Discussion: A pregnant debate over maternity care

November 12, 2013

E.J. Dionne Jr.’s op-ed column Monday began, “If you’re a conservative strongly opposed to abortion, shouldn’t you want to give all the help you can to women who want to bring their children into the world? In particular, wouldn’t you hope they’d get the proper medical attention during and after their pregnancy?”

He asked these questions, he went on, because “conservatives are positively obsessed with trashing the Affordable Care Act’s regulation requiring insurance policies to include maternity coverage.”  Our Readers Who Comment have pretty much sided with Dionne on this one, although there are exceptions in the more than 4,500 comments the column has generated.

We’ll start with choppy1, who wrote, “The response to maternity care in ACA reveals three things about conservatives:
“1) They are consistent about not wanting ‘us’ (old, white men) to pay for ‘them’ (young men and women of any race).
“2) They mistake what’s good for the individual (making it on your own) for what is good for society (everyone needs help to make it).
“3) They have so little interest in government and public policy that they don’t even bother to understand the basics, such how insurance works by pooling risk.”

DOps offered that “People who smoke represent a higher risk of incurring medical costs. people who don’t have a lower risk. That may be why even under ObamaCare, non-smokers pay less and smokers more. All risks are not rated equally. If you are someone who is ‘at risk’ of being pregnant, maybe you should have the option buying specialized coverage to handle the rating of that risk. And the rest of us are not subsidizing your privilege, which is likely substantially of your own choosing to exercise.”

wmbrent wrote, “Not to mention all those property taxes we pay, whether or not we have kids in school. The socialists pulled that fast one on us before we even knew there was such a thing as socialism.”

TheTruthSeeker1 replied that “We pay taxes for the good of all. Socialism is not for the good of all.”

SMS45 said, “It’s been my experience that some people who have never achieved anything feel better that someone else has less than they have.”

But sold2u replied, “Sigh. … If you aren’t in favor of subsidizing apple pie and motherhood, you are somehow ‘against it.’ The correct question is ‘Why do we demand that people who aren’t going to have kids subsidize mothers?’ ”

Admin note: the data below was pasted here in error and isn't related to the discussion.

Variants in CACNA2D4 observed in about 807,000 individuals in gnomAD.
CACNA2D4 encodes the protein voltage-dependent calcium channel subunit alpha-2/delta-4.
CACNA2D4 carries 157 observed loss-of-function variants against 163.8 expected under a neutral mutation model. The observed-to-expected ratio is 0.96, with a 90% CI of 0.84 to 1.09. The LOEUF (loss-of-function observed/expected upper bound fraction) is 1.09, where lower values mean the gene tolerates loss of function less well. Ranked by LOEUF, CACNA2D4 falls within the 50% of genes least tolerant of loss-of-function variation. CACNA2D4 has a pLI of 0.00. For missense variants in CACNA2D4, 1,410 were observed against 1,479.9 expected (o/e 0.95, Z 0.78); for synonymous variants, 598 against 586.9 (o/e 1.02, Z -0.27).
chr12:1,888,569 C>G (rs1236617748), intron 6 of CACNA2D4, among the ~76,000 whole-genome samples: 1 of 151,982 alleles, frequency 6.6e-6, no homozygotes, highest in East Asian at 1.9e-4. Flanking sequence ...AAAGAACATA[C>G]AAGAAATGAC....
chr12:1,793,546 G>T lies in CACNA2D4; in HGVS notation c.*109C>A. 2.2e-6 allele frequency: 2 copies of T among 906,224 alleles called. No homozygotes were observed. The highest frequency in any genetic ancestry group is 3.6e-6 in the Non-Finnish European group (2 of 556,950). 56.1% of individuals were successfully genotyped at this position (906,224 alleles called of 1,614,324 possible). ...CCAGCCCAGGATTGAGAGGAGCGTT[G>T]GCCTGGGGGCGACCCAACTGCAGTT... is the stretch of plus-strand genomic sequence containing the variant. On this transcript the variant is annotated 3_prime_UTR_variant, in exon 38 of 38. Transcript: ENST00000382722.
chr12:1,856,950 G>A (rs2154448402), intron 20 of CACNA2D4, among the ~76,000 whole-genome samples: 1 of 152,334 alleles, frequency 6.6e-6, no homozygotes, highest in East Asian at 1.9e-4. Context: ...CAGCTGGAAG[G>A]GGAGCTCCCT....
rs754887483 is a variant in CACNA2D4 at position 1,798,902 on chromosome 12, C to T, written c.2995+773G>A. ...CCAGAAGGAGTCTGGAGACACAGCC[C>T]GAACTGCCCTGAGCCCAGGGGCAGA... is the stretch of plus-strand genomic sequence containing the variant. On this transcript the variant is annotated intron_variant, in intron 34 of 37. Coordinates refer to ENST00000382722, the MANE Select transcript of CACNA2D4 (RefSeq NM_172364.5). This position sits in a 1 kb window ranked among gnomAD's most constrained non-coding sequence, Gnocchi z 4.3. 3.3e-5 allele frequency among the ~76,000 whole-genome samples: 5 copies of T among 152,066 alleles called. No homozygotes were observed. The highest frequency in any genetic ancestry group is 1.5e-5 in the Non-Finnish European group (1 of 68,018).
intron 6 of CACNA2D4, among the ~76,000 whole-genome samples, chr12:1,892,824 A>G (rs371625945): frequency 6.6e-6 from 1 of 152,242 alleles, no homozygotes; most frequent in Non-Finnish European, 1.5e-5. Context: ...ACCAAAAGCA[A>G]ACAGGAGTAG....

boblesch pointed out, “We decided long ago that educating all children is good for society and we all pay for public schools through taxes. How is this different?”

Mirrorgazer said, “Motherhood is a choice; cancer is not. People who have children should be financially prepared to have them.  Why couldn’t the government (compliments of taxpayers) just provide Medicare for those who could qualify? It has its flaws but is an established, appreciated program that works most of the time for most of its recipients. It covers basic physical exams and it can help the smart user prevent illnesses due to lifestyle. In the event of catastrophic illness, it comes through.”

shellbella3636 wrote that “Motherhood is NOT a choice when you shut down options for abortions.”

boblesch replied, “Say, we extrapolate the argument — I have no risk of heart disease, cancer or stroke. Shouldn’t I be able to get a policy whose costs reflects my lack of risk in those high-cost ailments?”

But Bertram2 asked, “How do you have no risk for those things? Are you an android?”

And SANDYBRYANT said, “Bob, that’s because tomorrow you may get hit by a bus and suddenly all your risk factors change. Pooling risk makes it more expensive for those in the low-risk pool in the short run, but in the long run those costs over a lifetime will be lower for those individuals as they move into higher-risk pools, as naturally occurs with age.”

But boblesch wouldn’t quit, writing, “If I get hit by a bus — my body will die and I’ll no longer need care.”

SMS45 replied, “Bob, the real question is whether you believe in universal access to healthcare.”

Boblesch said, “sms – i’ve been an advocate of expanding Medicaid to everyone since 1993.”

And we’ll close with SMS45, who wrote: “Good man.”

All comments on this article are here.

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Doug Feaver · November 7, 2013